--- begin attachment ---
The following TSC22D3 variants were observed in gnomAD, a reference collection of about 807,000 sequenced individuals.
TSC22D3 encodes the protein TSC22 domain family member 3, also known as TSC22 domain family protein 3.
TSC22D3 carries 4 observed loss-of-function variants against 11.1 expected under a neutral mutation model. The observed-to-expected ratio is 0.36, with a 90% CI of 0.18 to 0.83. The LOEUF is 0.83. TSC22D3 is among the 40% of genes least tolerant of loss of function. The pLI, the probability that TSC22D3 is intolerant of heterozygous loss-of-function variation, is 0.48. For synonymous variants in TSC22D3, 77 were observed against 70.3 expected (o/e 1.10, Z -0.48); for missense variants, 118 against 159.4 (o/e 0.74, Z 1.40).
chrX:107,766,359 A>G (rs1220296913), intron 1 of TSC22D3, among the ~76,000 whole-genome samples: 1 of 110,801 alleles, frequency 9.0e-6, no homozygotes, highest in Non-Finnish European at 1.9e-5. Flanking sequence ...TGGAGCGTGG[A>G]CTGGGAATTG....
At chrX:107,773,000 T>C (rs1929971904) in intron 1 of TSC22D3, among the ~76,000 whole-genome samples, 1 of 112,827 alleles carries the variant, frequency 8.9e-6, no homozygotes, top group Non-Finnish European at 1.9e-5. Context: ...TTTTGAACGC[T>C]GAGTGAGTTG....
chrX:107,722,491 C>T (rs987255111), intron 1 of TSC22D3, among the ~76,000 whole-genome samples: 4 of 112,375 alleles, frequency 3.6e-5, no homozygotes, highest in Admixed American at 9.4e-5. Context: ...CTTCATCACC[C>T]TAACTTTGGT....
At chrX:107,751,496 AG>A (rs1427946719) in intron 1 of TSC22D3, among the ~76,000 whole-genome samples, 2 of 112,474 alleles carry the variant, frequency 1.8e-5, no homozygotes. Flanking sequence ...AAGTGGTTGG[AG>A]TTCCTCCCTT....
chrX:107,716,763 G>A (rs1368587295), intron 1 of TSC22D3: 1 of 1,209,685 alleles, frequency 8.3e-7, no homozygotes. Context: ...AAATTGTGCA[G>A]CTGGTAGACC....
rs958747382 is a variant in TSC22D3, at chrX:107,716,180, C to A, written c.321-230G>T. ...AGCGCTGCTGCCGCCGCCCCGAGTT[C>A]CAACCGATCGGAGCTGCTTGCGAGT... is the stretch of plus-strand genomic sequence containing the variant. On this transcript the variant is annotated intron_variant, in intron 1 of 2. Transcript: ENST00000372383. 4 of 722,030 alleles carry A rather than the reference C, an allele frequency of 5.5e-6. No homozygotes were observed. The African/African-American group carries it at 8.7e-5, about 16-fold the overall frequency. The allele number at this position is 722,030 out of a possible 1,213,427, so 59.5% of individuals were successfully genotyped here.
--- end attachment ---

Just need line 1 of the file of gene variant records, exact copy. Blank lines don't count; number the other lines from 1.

The following TSC22D3 variants were observed in gnomAD, a reference collection of about 807,000 sequenced individuals.